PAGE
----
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Infrared thermal imaging as a new non-invasive point of care tool for assessing heartworm lymphedema

A camera installed to take images of the participants’ lower limbs. Credit: Louise Kelly-Hope

Researchers at the Neglected Tropical Diseases Center (CNTD) at LSTM use infrared thermal imaging cameras to detect asymptomatic cases and predict the progression of lymphatic filariasis in Bangladesh.

Papers published in Clinical Medical Journal Shows the results of studies examining the use of infrared Thermal image Camera as a new non-invasive point of care tool for the lower extremities of lymphatic filariasis Lymphedema..

Thermal imaging has been used in various medical fields for decades, but this is the first time it has been used for heartworm and neglected tropical diseases (NTD).

Dr. Louise Kelly Hope of LSTM led the study. She states: “Infrared thermal imaging presents an innovative and objective way to quantify clinical changes in heartworm lymphedema status using spontaneous emission. Infrared radiation Captures skin surface temperature. This tool is useful for objectively monitoring disease progression and detecting new subclinical cases in the field. “

In 2019, the LSTM team first attempted to use thermal images in Malawi with the Lymphatic filariasis eradication program team using the FLIR iPhone thermal camera.

This helped in multilateral design Prospective cohort study Bangladesh, Ethiopia and Malawi use rugged and compact FLIR C3 thermal cameras. The camera is currently in progress and involves approximately 750 people affected by lymphatic filariasis. This study aims to assess the impact of enhanced self-care morbidity management protocols on patients with mild, moderate, and severe lymphedema.

This paper presents the results of the first baseline survey of 153 people affected by lymphedema in Bangladesh in October 2020.

  • The images show a clear significant difference depending on the severity of lymphedema. This helps to “see” the “invisible” and emphasizes that the “affected legs” are hotter, especially in people with more severe conditions associated with inflammation, injury, and illness. I will. Progress.
  • It also helps show how affected the limbs are. People with mild conditions tend to get hot in selected areas of the limbs, Strict conditions Had a high temperature affecting most of their limbs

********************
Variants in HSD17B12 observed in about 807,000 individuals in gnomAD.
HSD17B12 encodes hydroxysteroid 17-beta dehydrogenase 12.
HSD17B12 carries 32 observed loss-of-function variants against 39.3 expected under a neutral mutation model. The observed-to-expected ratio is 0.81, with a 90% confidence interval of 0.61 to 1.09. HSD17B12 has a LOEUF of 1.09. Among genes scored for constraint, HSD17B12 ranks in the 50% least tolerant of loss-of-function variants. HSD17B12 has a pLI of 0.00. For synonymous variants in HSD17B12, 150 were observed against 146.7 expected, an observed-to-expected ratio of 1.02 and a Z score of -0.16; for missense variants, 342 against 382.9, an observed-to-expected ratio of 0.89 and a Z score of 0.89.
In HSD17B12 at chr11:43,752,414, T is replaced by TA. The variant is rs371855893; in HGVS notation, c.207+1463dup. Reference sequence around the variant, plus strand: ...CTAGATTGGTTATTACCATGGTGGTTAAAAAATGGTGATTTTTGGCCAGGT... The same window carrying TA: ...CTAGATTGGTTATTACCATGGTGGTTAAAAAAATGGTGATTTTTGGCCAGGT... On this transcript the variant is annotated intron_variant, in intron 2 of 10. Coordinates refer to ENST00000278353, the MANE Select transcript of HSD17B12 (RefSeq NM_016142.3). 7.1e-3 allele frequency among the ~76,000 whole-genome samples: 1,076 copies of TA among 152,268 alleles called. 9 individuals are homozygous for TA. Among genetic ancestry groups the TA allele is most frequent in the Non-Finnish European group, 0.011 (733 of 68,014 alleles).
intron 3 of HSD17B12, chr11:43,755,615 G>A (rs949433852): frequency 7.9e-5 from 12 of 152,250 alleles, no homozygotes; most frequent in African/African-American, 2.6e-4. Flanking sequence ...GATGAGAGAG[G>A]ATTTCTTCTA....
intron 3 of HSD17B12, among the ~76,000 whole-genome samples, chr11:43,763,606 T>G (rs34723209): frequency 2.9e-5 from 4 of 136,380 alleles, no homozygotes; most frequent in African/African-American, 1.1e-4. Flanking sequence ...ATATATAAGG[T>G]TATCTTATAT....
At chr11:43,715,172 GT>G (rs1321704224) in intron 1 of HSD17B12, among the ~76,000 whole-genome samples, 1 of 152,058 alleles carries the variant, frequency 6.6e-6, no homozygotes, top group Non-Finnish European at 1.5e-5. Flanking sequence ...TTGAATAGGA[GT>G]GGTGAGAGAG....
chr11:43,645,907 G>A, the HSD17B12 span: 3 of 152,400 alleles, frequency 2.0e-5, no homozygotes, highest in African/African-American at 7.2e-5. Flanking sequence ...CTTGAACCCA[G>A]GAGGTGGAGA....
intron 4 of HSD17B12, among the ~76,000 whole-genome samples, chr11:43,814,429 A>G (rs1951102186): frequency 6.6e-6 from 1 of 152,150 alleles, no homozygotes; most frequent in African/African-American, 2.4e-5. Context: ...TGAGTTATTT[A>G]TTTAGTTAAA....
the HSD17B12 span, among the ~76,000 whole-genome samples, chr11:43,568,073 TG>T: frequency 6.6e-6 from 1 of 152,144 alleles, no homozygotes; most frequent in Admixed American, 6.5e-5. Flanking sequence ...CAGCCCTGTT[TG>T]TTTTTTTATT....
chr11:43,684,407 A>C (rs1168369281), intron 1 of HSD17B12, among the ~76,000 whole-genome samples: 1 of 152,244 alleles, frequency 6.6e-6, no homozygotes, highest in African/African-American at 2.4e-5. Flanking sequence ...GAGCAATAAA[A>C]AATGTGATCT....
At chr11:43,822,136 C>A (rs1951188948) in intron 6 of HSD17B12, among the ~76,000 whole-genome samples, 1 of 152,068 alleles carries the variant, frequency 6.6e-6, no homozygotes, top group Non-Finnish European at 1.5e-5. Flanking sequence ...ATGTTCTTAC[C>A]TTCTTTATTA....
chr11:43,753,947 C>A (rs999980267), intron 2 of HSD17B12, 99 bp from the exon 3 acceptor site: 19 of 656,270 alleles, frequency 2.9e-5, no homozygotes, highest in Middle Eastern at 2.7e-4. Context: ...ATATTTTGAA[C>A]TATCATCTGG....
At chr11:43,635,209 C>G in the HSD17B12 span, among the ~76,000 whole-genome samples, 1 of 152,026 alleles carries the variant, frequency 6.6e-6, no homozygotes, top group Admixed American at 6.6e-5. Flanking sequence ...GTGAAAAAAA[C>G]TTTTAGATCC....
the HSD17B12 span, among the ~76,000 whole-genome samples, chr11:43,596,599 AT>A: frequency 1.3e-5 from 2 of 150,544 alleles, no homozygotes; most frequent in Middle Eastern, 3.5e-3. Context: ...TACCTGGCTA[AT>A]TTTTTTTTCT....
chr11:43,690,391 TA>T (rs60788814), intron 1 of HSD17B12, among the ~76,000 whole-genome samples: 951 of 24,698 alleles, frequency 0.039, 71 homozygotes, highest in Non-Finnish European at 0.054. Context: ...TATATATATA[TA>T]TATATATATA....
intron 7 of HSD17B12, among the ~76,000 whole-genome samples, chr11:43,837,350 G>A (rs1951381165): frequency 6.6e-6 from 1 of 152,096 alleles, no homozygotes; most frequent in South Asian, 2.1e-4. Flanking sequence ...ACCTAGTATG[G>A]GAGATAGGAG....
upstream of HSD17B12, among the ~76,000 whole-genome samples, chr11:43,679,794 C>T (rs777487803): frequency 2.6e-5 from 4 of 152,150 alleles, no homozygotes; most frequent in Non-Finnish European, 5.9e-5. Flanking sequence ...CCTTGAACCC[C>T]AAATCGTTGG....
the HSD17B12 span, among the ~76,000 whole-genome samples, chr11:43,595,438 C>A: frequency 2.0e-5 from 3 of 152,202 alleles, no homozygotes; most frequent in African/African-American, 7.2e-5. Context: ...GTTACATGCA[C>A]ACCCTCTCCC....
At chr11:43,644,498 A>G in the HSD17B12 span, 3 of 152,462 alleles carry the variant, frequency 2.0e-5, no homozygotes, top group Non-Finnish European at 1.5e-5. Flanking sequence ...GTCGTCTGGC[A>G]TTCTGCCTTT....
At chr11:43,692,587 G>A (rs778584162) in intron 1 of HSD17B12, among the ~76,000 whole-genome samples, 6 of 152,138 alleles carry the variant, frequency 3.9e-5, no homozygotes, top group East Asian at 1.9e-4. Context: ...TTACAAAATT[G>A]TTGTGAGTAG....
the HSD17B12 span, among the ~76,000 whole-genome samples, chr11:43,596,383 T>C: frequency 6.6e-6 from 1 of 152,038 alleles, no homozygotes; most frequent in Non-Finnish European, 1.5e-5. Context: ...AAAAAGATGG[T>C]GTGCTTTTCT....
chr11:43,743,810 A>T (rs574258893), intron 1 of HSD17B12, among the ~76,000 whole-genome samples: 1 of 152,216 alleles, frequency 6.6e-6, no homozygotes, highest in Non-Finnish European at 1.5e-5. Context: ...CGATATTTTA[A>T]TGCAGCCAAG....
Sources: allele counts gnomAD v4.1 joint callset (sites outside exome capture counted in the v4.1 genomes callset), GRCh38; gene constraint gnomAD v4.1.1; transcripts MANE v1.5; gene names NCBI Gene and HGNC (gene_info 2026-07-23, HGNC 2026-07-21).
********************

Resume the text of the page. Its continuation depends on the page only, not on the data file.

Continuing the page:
• Temperature data showed significantly higher limb temperatures in people suffering from a secondary bacterial infection known as “acute cutaneous lymphadenitis” (ADLA) or acute attack.

The team said this new tool will detect asymptomatic cases, predict disease progression, and enhance care packages and staging after enhanced care packages or other interventions for people affected by lymphedema. I feel that it has great potential to be used by field researchers and local healthcare professionals to monitor the severity of the disease.

Professor Mark Taylor, director of CNTD at LSTM, said: “I think Louise’s study provided an important new tool to improve the treatment of this catastrophic tropical disease. A study of filamentous lymphedema in an affordable and usable form. Show the patient himself. To be able to, the improvements obtained with enhanced care packages and other interventions will greatly help relieve the physical and psychological distress of people affected by filamentous lymphedema.


Patients with elephantiasis who are more likely to have depression


For more information:
Louise A. Kelly-Hope et al, Infrared thermal imaging as a new non-invasive point of care tool for assessing filariasis lymphedema, Clinical Medical Journal (2021). DOI: 10.3390 / jcm10112301

Quote: Infrared thermography (May 26, 2021) as a new non-invasive point of care tool for assessing heartworm lymphedema is available at https://medicalxpress.com/news/2021-05-infrared-thermal- Obtained from imaging on May 26, 2021. -Non-invasive-point-of-care.html

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Infrared thermal imaging as a new non-invasive point of care tool for assessing heartworm lymphedema

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